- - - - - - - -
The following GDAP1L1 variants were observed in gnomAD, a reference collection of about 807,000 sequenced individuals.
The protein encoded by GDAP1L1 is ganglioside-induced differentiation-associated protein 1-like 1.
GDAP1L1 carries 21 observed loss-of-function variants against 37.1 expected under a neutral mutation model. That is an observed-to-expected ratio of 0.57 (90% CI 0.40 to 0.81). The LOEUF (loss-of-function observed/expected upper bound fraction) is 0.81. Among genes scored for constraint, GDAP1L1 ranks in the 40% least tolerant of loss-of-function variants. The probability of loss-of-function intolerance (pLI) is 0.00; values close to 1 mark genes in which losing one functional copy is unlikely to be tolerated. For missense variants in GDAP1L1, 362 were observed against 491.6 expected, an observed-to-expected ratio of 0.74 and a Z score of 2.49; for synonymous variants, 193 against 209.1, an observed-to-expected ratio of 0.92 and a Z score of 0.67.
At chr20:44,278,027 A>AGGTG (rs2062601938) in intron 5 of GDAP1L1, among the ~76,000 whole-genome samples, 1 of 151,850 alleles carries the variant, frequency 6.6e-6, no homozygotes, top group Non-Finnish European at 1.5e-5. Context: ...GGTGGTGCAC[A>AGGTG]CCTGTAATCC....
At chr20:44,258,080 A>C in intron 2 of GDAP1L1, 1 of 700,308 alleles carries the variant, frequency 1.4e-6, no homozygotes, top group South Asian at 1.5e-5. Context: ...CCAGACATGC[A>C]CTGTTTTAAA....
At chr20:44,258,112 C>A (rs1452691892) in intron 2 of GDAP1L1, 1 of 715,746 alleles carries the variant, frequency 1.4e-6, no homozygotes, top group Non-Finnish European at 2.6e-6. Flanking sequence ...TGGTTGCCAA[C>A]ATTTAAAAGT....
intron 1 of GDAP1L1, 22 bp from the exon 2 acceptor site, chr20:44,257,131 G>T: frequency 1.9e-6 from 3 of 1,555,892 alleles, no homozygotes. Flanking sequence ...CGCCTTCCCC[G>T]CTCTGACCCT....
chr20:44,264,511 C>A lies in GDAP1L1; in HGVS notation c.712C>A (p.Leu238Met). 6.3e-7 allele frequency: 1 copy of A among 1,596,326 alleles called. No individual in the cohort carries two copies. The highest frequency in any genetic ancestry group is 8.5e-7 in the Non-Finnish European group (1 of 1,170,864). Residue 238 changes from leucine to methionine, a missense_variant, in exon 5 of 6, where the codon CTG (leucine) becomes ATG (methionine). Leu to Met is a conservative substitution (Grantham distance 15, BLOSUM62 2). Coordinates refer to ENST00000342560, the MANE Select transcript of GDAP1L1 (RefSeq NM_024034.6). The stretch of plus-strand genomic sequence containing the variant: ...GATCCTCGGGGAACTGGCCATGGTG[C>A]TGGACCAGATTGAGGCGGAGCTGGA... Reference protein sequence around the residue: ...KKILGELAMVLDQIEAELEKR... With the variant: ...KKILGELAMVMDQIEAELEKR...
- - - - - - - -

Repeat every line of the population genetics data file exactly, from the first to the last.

The following GDAP1L1 variants were observed in gnomAD, a reference collection of about 807,000 sequenced individuals.
The protein encoded by GDAP1L1 is ganglioside-induced differentiation-associated protein 1-like 1.
GDAP1L1 carries 21 observed loss-of-function variants against 37.1 expected under a neutral mutation model. That is an observed-to-expected ratio of 0.57 (90% CI 0.40 to 0.81). The LOEUF (loss-of-function observed/expected upper bound fraction) is 0.81. Among genes scored for constraint, GDAP1L1 ranks in the 40% least tolerant of loss-of-function variants. The probability of loss-of-function intolerance (pLI) is 0.00; values close to 1 mark genes in which losing one functional copy is unlikely to be tolerated. For missense variants in GDAP1L1, 362 were observed against 491.6 expected, an observed-to-expected ratio of 0.74 and a Z score of 2.49; for synonymous variants, 193 against 209.1, an observed-to-expected ratio of 0.92 and a Z score of 0.67.
At chr20:44,278,027 A>AGGTG (rs2062601938) in intron 5 of GDAP1L1, among the ~76,000 whole-genome samples, 1 of 151,850 alleles carries the variant, frequency 6.6e-6, no homozygotes, top group Non-Finnish European at 1.5e-5. Context: ...GGTGGTGCAC[A>AGGTG]CCTGTAATCC....
At chr20:44,258,080 A>C in intron 2 of GDAP1L1, 1 of 700,308 alleles carries the variant, frequency 1.4e-6, no homozygotes, top group South Asian at 1.5e-5. Context: ...CCAGACATGC[A>C]CTGTTTTAAA....
At chr20:44,258,112 C>A (rs1452691892) in intron 2 of GDAP1L1, 1 of 715,746 alleles carries the variant, frequency 1.4e-6, no homozygotes, top group Non-Finnish European at 2.6e-6. Flanking sequence ...TGGTTGCCAA[C>A]ATTTAAAAGT....
intron 1 of GDAP1L1, 22 bp from the exon 2 acceptor site, chr20:44,257,131 G>T: frequency 1.9e-6 from 3 of 1,555,892 alleles, no homozygotes. Flanking sequence ...CGCCTTCCCC[G>T]CTCTGACCCT....
chr20:44,264,511 C>A lies in GDAP1L1; in HGVS notation c.712C>A (p.Leu238Met). 6.3e-7 allele frequency: 1 copy of A among 1,596,326 alleles called. No individual in the cohort carries two copies. The highest frequency in any genetic ancestry group is 8.5e-7 in the Non-Finnish European group (1 of 1,170,864). Residue 238 changes from leucine to methionine, a missense_variant, in exon 5 of 6, where the codon CTG (leucine) becomes ATG (methionine). Leu to Met is a conservative substitution (Grantham distance 15, BLOSUM62 2). Coordinates refer to ENST00000342560, the MANE Select transcript of GDAP1L1 (RefSeq NM_024034.6). The stretch of plus-strand genomic sequence containing the variant: ...GATCCTCGGGGAACTGGCCATGGTG[C>A]TGGACCAGATTGAGGCGGAGCTGGA... Reference protein sequence around the residue: ...KKILGELAMVLDQIEAELEKR... With the variant: ...KKILGELAMVMDQIEAELEKR...